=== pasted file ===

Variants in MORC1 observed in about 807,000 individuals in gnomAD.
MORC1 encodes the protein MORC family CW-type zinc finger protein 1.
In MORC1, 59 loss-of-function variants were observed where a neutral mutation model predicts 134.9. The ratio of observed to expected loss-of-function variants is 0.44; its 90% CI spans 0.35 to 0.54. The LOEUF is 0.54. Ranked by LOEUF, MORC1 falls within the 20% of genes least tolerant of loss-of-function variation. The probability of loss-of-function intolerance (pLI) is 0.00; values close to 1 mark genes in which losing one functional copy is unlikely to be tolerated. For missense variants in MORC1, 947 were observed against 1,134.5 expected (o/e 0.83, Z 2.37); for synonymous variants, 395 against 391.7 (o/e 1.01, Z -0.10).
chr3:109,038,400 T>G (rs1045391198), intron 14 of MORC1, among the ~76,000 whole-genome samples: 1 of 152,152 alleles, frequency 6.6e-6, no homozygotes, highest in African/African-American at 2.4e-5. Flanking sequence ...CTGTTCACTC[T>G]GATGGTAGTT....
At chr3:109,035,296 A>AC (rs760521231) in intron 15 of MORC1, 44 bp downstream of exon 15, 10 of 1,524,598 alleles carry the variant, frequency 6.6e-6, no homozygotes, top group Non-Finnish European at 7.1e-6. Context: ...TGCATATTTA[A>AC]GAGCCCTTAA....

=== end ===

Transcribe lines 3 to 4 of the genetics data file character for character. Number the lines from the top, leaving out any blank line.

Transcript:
In MORC1, 59 loss-of-function variants were observed where a neutral mutation model predicts 134.9. The ratio of observed to expected loss-of-function variants is 0.44; its 90% CI spans 0.35 to 0.54. The LOEUF is 0.54. Ranked by LOEUF, MORC1 falls within the 20% of genes least tolerant of loss-of-function variation. The probability of loss-of-function intolerance (pLI) is 0.00; values close to 1 mark genes in which losing one functional copy is unlikely to be tolerated. For missense variants in MORC1, 947 were observed against 1,134.5 expected (o/e 0.83, Z 2.37); for synonymous variants, 395 against 391.7 (o/e 1.01, Z -0.10).
chr3:109,038,400 T>G (rs1045391198), intron 14 of MORC1, among the ~76,000 whole-genome samples: 1 of 152,152 alleles, frequency 6.6e-6, no homozygotes, highest in African/African-American at 2.4e-5. Flanking sequence ...CTGTTCACTC[T>G]GATGGTAGTT....